By simplifying we mean putting in place an underlying network based upon modern protocols, consolidating by collapsing multiple servers into shared resources and extending by deploying gateway solutions that allow remote locations to take advantage of the centralized applications.

This approach has numerous benefits. Top on the list are the hard dollar savings of replacing costly dedicated circuits with multi-purpose packet based systems. Also the costs associated with maintaining the previously dispersed processing resources are significantly reduced.

In essence what this strategy means is replacing dedicated servers and costly and complex networks with a private cloud paradigm. The private cloud then makes it possible for an organization to leverage single investments in hardware and applications to serve many multiple locations.

With Avaya there are additional benefits to this strategy that includes the ability to reuse large quantities of previous investments as components in the new private cloud.

Avaya cabinets that previously housed servers can be converted to gateways. Line cards and legacy terminal equipment can remain in place and continue to provide service for long periods into the future. While adding new applications and capabilities, as much as 85 percent of previous investments can be repurposed and reused as part of an Avaya Aura Private Cloud.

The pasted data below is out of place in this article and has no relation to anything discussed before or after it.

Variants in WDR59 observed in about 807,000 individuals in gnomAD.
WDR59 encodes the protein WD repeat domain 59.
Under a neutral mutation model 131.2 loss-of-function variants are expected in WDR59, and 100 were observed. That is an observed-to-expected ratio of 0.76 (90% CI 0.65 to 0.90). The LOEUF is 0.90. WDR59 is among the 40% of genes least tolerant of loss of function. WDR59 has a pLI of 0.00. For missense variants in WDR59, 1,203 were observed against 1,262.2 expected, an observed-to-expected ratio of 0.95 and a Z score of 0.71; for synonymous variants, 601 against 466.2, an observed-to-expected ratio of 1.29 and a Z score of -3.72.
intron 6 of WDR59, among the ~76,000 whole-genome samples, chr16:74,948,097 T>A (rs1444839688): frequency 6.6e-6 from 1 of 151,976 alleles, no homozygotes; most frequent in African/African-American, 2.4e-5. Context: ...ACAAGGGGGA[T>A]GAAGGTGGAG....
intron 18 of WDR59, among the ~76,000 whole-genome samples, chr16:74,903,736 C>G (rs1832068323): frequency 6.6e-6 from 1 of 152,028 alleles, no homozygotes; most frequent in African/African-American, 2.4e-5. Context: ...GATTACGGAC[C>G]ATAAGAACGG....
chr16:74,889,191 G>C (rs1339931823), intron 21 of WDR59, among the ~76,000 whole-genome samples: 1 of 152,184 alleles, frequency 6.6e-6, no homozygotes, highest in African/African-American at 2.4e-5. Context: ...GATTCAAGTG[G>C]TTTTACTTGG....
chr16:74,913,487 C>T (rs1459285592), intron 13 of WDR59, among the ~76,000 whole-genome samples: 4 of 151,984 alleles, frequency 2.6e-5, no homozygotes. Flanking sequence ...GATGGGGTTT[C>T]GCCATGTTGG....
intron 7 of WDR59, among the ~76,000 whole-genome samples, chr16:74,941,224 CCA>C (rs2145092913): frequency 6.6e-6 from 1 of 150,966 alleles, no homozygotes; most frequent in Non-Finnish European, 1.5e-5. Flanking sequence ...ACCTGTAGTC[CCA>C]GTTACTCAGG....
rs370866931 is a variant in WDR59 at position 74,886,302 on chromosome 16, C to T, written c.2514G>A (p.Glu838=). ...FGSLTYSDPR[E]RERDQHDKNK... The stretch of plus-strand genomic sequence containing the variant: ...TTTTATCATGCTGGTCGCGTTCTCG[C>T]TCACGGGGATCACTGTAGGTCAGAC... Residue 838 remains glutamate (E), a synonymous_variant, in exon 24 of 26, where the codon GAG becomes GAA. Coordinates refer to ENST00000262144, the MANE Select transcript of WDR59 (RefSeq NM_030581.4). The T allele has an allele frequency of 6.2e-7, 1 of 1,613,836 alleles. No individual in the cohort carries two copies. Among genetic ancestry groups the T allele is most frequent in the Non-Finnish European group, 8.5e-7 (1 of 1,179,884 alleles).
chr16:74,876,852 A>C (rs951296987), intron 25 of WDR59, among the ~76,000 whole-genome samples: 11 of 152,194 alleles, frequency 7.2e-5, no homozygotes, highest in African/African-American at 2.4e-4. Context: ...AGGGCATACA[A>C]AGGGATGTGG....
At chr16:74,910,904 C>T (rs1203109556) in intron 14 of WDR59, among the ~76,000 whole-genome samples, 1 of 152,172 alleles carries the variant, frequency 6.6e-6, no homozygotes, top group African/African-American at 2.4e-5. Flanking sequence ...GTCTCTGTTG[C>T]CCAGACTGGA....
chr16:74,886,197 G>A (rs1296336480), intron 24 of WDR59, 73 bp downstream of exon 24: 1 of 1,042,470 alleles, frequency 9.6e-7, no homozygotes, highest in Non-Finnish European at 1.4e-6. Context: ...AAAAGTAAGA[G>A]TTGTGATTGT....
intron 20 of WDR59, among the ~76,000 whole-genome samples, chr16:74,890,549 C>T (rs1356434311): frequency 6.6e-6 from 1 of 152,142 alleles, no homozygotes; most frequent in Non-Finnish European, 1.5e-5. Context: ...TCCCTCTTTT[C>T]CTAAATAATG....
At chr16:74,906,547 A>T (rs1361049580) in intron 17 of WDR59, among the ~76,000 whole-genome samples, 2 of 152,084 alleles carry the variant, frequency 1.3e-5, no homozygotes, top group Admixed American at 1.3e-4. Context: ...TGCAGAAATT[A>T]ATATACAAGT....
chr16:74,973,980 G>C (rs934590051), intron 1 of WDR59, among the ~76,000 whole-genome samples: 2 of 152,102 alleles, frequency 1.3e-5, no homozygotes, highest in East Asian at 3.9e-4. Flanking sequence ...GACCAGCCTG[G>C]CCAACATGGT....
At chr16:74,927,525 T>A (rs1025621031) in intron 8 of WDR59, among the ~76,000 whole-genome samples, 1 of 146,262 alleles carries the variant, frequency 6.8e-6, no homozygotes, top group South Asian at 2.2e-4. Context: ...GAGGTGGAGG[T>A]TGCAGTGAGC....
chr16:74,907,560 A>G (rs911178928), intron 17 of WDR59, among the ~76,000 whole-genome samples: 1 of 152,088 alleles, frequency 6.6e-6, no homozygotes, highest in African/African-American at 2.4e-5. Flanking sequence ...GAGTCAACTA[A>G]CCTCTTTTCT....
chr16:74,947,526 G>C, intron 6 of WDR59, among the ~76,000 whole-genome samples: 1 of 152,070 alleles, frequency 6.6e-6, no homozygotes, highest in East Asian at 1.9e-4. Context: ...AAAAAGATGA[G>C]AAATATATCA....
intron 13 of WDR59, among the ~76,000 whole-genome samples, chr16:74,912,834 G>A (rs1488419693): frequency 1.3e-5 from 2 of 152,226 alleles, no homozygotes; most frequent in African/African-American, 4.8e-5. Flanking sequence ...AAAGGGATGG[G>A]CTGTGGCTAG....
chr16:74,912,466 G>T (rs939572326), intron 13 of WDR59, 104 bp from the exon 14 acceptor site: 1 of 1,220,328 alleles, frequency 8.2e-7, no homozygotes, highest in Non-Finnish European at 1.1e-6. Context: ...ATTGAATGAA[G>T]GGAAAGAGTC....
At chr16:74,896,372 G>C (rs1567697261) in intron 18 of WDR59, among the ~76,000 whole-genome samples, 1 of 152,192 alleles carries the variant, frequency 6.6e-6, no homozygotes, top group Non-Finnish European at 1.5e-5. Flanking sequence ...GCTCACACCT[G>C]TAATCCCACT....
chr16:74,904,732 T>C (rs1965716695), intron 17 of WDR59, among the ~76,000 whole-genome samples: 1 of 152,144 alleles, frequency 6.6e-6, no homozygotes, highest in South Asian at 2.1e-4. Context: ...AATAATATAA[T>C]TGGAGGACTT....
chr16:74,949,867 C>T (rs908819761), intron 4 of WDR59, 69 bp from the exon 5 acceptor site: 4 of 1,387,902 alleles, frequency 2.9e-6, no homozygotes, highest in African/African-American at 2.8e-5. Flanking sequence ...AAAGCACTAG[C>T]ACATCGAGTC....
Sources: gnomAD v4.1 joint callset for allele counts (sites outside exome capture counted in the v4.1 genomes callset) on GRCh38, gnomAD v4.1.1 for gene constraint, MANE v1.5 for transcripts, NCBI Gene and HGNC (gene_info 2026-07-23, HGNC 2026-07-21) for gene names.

Other hard dollar savings come in the form of reduced administrative costs. Individual servers with individual features including distinct databases cost organizations large amounts of money to optimize. Centralizing allows for those costs to fall under far more control.

Organizations can also benefit to a great extent from the new organizational flexibility created. Centralized applications being shared to remote locations means that geography no longer substantiates a limiting factor to innovation. In the past resources were as if stranded upon disconnected islands. Collaboration opportunities were limited.

A private cloud brings the applications to the people instead of requiring the organization to coalesce around the locations where the applications reside.

So we have seen that the components to create a positive reaction surround us. All that is required is a starter. The positive outcomes that include the opportunity for dramatic cost savings, new and more efficient organizational architectures and enhanced delivery models provide a compelling return on investment.

What will it take to set off the chain reaction that completely transforms the ways government utilizes enterprise communications applications?

As Rahm Emanuel might say, “Let’s not waste a fiscal crisis.” Let’s look at how much can be saved by deploying a “simplify, consolidate and extend strategy” and establishing an Avaya Aura Private Cloud. Let’s see that the initial costs will be paid back rapidly and how the new communications paradigms accrue substantial dividends long into the future.

Thanks for joining me here today on Avaya Tech Talk. You can subscribe to our episodes on iTunes and follow us on Twitter hashtag #APNpodcast.

Talking Tech, this has been your host, Guy Clinch the advocate for the government customer at Avaya!

Dear Listeners,
I’ll be honored if you chose to follow me on Twitter @gclinch check out my professional profile on LinkedIn and subscribe to my podcasts: http://AvayaTechTalk.com.

Warmest regards,
Guy W. Clinch
Google